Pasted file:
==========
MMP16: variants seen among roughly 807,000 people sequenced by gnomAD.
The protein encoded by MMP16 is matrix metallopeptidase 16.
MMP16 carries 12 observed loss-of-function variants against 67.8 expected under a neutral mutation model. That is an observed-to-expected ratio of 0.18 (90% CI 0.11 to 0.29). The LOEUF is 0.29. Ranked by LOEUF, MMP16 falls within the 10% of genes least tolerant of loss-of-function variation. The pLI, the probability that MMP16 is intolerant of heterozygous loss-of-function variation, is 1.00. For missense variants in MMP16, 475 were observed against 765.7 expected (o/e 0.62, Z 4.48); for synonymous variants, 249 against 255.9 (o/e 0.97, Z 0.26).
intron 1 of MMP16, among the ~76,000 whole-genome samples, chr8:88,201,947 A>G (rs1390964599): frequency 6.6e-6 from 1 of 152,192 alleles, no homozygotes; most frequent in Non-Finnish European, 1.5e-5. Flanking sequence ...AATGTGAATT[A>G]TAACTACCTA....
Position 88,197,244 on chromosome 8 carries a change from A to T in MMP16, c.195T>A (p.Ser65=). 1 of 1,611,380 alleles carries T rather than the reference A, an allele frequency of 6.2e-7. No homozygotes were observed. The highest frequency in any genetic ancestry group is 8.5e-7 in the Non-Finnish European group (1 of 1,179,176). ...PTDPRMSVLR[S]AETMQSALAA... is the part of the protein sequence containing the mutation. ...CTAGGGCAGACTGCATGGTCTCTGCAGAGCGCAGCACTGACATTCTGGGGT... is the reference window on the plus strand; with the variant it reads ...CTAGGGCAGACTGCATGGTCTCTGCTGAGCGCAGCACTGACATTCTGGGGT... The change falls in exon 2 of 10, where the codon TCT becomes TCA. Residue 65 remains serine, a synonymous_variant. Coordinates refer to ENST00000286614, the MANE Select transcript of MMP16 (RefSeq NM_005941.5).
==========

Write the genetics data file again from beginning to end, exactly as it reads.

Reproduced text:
MMP16: variants seen among roughly 807,000 people sequenced by gnomAD.
The protein encoded by MMP16 is matrix metallopeptidase 16.
MMP16 carries 12 observed loss-of-function variants against 67.8 expected under a neutral mutation model. That is an observed-to-expected ratio of 0.18 (90% CI 0.11 to 0.29). The LOEUF is 0.29. Ranked by LOEUF, MMP16 falls within the 10% of genes least tolerant of loss-of-function variation. The pLI, the probability that MMP16 is intolerant of heterozygous loss-of-function variation, is 1.00. For missense variants in MMP16, 475 were observed against 765.7 expected (o/e 0.62, Z 4.48); for synonymous variants, 249 against 255.9 (o/e 0.97, Z 0.26).
intron 1 of MMP16, among the ~76,000 whole-genome samples, chr8:88,201,947 A>G (rs1390964599): frequency 6.6e-6 from 1 of 152,192 alleles, no homozygotes; most frequent in Non-Finnish European, 1.5e-5. Flanking sequence ...AATGTGAATT[A>G]TAACTACCTA....
Position 88,197,244 on chromosome 8 carries a change from A to T in MMP16, c.195T>A (p.Ser65=). 1 of 1,611,380 alleles carries T rather than the reference A, an allele frequency of 6.2e-7. No homozygotes were observed. The highest frequency in any genetic ancestry group is 8.5e-7 in the Non-Finnish European group (1 of 1,179,176). ...PTDPRMSVLR[S]AETMQSALAA... is the part of the protein sequence containing the mutation. ...CTAGGGCAGACTGCATGGTCTCTGCAGAGCGCAGCACTGACATTCTGGGGT... is the reference window on the plus strand; with the variant it reads ...CTAGGGCAGACTGCATGGTCTCTGCTGAGCGCAGCACTGACATTCTGGGGT... The change falls in exon 2 of 10, where the codon TCT becomes TCA. Residue 65 remains serine, a synonymous_variant. Coordinates refer to ENST00000286614, the MANE Select transcript of MMP16 (RefSeq NM_005941.5).